Home » Officials cut ribbon on long-awaited Floyd County connector highway

Officials cut ribbon on long-awaited Floyd County connector highway

Minnie-to-Harold link cuts travel between Pikeville, Hazard by 7.7 miles

FRANKFORT, Ky. — The long-awaited Minnie-to-Harold connector on state Kentucky 680 in Floyd County opened today, bringing greater safety and convenience to travelers and will encourage economic investment and job growth in a region rebuilding from catastrophic flooding. Started in 1991, a total of $118 million was invested in this important Eastern Kentucky infrastructure project.

Gov. Andy Beshear, whose Better Kentucky Plan includes strategic use of transportation projects to strengthen Kentucky’s economy and empower local communities, officially opened a connector highway that links two well-traveled routes in Eastern Kentucky.

“We know that to truly recover and thrive, we need to provide jobs and opportunity for the families who live here. That’s exactly what this incredibly important road project is going to do for Floyd County,” Beshear said. “On top of the safety and convenience, finishing the Minnie-to-Harold connector is going to bring more economic development and more jobs for the families here.”

“The new Minnie-to-Harold connector has been a long time coming and is a huge win for our people,” Floyd County Judge/Executive Robbie Williams said. “Today was an amazing day for Floyd County and is the result of years of hard work. We thank Gov. Beshear’s administration for helping make today possible.”

More than 30 years in the making and constructed in six separate sections, the new connector provides a direct, time-saving link between Kentucky 80 at Minnie and U.S. 23 at Harold, two of the most heavily traveled highways in the region.

The new roadway, 14.89 miles in all, is relatively straight, with wider driving lanes and generous shoulders, greatly improving safety. It also cuts the driving distance between Pikeville and Hazard by 7.68 miles, saving travelers significant time.

In addition, the alignment of the new highway opens an area of Floyd County for future development and improved access to health care, schools, government offices and financial institutions.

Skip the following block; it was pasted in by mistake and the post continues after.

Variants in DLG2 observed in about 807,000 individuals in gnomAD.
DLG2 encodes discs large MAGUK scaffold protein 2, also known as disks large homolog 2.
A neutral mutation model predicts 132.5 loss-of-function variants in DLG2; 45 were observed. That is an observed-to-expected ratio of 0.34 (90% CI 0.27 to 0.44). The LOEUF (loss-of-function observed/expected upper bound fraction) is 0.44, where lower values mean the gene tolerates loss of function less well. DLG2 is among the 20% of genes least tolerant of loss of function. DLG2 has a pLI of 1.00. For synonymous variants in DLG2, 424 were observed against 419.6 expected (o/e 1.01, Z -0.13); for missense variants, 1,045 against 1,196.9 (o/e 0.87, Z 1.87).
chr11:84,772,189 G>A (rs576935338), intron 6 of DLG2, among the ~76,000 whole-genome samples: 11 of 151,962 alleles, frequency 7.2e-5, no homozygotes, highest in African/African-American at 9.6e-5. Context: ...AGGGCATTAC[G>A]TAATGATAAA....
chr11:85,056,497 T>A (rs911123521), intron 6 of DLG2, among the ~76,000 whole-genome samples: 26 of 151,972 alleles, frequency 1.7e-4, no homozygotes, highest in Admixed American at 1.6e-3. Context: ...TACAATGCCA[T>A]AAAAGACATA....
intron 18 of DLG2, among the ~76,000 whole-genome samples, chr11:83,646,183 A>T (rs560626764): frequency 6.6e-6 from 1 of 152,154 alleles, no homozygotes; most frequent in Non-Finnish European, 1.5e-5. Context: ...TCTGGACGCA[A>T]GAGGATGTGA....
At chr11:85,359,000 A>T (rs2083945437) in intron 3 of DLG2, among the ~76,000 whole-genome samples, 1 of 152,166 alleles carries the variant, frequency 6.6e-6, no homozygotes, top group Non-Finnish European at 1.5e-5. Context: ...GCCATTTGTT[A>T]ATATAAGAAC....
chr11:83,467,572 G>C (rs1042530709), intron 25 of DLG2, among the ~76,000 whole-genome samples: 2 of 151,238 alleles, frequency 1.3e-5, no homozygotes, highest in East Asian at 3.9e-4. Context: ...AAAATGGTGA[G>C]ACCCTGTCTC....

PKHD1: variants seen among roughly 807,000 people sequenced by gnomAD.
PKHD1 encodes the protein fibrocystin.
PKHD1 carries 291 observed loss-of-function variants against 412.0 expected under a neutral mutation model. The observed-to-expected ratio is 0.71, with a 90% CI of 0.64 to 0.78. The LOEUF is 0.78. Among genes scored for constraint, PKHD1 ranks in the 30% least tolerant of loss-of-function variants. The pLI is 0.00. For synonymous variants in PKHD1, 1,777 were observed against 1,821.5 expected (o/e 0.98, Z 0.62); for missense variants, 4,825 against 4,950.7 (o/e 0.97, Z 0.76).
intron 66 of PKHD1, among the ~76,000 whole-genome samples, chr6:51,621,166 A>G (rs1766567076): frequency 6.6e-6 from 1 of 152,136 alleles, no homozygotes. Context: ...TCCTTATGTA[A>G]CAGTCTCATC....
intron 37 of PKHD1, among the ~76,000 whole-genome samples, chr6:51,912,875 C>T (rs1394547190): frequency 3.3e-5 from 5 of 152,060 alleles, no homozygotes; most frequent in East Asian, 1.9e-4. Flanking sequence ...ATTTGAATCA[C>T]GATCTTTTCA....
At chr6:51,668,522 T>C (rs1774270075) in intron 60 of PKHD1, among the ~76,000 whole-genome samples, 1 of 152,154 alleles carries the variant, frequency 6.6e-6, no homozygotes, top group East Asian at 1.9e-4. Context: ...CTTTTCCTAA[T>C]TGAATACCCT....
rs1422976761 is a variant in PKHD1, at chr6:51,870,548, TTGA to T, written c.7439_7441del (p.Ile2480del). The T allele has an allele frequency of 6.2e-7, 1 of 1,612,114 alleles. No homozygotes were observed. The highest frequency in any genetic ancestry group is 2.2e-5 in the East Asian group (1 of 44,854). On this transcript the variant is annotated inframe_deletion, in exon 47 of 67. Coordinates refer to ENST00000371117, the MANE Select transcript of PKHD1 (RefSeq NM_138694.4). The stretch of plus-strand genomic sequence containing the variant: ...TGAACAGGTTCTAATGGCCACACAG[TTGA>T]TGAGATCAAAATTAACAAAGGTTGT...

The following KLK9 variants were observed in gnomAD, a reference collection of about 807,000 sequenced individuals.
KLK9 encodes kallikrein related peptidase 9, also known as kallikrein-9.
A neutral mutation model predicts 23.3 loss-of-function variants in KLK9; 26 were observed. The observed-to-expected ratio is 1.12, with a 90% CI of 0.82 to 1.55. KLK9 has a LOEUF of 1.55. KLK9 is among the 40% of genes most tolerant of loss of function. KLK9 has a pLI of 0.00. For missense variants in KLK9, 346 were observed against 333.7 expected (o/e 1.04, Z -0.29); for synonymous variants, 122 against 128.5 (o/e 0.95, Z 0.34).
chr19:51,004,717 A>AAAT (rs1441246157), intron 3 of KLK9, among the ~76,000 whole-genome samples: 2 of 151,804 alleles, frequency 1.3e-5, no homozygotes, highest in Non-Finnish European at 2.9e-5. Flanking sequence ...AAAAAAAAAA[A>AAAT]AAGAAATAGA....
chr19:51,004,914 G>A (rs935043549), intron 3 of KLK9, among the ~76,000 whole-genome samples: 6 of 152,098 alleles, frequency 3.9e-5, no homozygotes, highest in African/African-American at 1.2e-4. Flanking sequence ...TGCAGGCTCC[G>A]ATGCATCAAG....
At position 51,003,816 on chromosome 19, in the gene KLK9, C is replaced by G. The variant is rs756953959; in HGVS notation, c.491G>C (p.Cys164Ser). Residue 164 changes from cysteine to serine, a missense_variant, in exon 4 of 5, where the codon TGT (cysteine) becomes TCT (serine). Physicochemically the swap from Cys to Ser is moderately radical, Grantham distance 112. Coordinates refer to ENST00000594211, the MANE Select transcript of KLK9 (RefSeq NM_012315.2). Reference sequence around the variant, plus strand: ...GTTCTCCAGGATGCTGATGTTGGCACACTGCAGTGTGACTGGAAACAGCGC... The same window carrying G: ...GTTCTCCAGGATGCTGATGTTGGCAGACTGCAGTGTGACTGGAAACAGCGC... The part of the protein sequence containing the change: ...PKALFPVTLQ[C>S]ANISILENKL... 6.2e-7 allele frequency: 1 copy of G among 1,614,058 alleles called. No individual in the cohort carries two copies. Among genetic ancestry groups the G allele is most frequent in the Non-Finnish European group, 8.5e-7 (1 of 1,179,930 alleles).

“This connector will have long-lasting benefits, not only for Floyd County but for this entire region,” said Kentucky Transportation Secretary Jim Gray. “The people of Eastern Kentucky have been waiting a long time, and I’m proud that we were able to complete it.”

In May 2022, Gov. Beshear announced the awarding of a contract to Bizzack Construction Co., on a low bid of $34.1 million, to build out the final 2.89 miles.

Also today, Gov. Beshear presented more than $4.1 million in funding and grants to support Eastern Kentucky.

Among the awards were $1.6 million from the Kentucky Transportation Cabinet (KYTC) to Floyd, Johnson, Magoffin, Martin and Pike counties to build a new transportation administration building; more than $922,000 to the city of Wheelwright to rehabilitate its wastewater plant; $750,000 in Community Development Block Grant funding for the Floyd County Fiscal Court to make improvements to the Martin Community Center; $500,000 to Big Sandy Area Development District to conduct a brownfield assessment; and $475,000 in KYTC funding for several road resurfacing projects.

The Governor is also recommending funding through the Appalachian Regional Commission, including $750,000 for the city of Wheelwright to fund more improvements at its wastewater plant and more than $506,000 for Big Sandy Community and Technical College to purchase equipment for its East Kentucky AWS Training and Testing Center.

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